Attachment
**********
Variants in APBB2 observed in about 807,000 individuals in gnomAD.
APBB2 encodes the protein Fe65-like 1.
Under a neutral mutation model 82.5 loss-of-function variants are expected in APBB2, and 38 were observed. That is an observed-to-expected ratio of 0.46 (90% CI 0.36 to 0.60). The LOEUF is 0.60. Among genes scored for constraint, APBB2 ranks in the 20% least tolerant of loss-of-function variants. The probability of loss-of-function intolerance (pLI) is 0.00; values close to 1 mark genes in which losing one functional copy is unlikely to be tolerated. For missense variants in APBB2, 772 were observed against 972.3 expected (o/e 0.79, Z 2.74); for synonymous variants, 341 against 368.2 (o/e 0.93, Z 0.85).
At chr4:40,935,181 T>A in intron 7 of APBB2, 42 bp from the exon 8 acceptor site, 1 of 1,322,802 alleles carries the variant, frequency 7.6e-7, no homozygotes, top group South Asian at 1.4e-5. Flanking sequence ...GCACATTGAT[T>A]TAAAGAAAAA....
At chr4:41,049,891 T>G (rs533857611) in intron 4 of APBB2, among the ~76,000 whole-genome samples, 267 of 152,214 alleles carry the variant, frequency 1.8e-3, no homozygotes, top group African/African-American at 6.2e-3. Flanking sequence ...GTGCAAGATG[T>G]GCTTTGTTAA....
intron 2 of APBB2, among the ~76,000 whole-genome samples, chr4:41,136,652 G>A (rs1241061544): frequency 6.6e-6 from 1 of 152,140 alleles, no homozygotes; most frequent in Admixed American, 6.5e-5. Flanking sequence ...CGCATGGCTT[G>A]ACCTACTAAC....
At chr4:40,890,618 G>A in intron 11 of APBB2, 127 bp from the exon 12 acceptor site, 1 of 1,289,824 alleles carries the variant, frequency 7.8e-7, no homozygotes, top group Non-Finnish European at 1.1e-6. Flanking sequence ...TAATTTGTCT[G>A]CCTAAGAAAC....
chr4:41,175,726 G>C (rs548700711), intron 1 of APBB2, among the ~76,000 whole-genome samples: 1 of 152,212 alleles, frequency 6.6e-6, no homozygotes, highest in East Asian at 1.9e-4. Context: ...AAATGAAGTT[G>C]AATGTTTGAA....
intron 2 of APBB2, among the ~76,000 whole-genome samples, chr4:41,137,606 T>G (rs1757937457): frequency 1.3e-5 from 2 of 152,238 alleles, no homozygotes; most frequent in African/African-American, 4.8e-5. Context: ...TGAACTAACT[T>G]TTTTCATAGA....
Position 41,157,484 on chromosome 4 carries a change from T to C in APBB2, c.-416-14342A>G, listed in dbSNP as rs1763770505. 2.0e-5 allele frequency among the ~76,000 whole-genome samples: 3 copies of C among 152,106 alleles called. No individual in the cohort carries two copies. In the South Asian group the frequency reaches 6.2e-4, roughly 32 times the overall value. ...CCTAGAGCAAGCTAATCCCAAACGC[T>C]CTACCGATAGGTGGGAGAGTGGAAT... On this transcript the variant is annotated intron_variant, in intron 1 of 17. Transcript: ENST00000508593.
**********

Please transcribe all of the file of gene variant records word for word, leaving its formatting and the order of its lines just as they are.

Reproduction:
Variants in APBB2 observed in about 807,000 individuals in gnomAD.
APBB2 encodes the protein Fe65-like 1.
Under a neutral mutation model 82.5 loss-of-function variants are expected in APBB2, and 38 were observed. That is an observed-to-expected ratio of 0.46 (90% CI 0.36 to 0.60). The LOEUF is 0.60. Among genes scored for constraint, APBB2 ranks in the 20% least tolerant of loss-of-function variants. The probability of loss-of-function intolerance (pLI) is 0.00; values close to 1 mark genes in which losing one functional copy is unlikely to be tolerated. For missense variants in APBB2, 772 were observed against 972.3 expected (o/e 0.79, Z 2.74); for synonymous variants, 341 against 368.2 (o/e 0.93, Z 0.85).
At chr4:40,935,181 T>A in intron 7 of APBB2, 42 bp from the exon 8 acceptor site, 1 of 1,322,802 alleles carries the variant, frequency 7.6e-7, no homozygotes, top group South Asian at 1.4e-5. Flanking sequence ...GCACATTGAT[T>A]TAAAGAAAAA....
At chr4:41,049,891 T>G (rs533857611) in intron 4 of APBB2, among the ~76,000 whole-genome samples, 267 of 152,214 alleles carry the variant, frequency 1.8e-3, no homozygotes, top group African/African-American at 6.2e-3. Flanking sequence ...GTGCAAGATG[T>G]GCTTTGTTAA....
intron 2 of APBB2, among the ~76,000 whole-genome samples, chr4:41,136,652 G>A (rs1241061544): frequency 6.6e-6 from 1 of 152,140 alleles, no homozygotes; most frequent in Admixed American, 6.5e-5. Flanking sequence ...CGCATGGCTT[G>A]ACCTACTAAC....
At chr4:40,890,618 G>A in intron 11 of APBB2, 127 bp from the exon 12 acceptor site, 1 of 1,289,824 alleles carries the variant, frequency 7.8e-7, no homozygotes, top group Non-Finnish European at 1.1e-6. Flanking sequence ...TAATTTGTCT[G>A]CCTAAGAAAC....
chr4:41,175,726 G>C (rs548700711), intron 1 of APBB2, among the ~76,000 whole-genome samples: 1 of 152,212 alleles, frequency 6.6e-6, no homozygotes, highest in East Asian at 1.9e-4. Context: ...AAATGAAGTT[G>C]AATGTTTGAA....
intron 2 of APBB2, among the ~76,000 whole-genome samples, chr4:41,137,606 T>G (rs1757937457): frequency 1.3e-5 from 2 of 152,238 alleles, no homozygotes; most frequent in African/African-American, 4.8e-5. Context: ...TGAACTAACT[T>G]TTTTCATAGA....
Position 41,157,484 on chromosome 4 carries a change from T to C in APBB2, c.-416-14342A>G, listed in dbSNP as rs1763770505. 2.0e-5 allele frequency among the ~76,000 whole-genome samples: 3 copies of C among 152,106 alleles called. No individual in the cohort carries two copies. In the South Asian group the frequency reaches 6.2e-4, roughly 32 times the overall value. ...CCTAGAGCAAGCTAATCCCAAACGC[T>C]CTACCGATAGGTGGGAGAGTGGAAT... On this transcript the variant is annotated intron_variant, in intron 1 of 17. Transcript: ENST00000508593.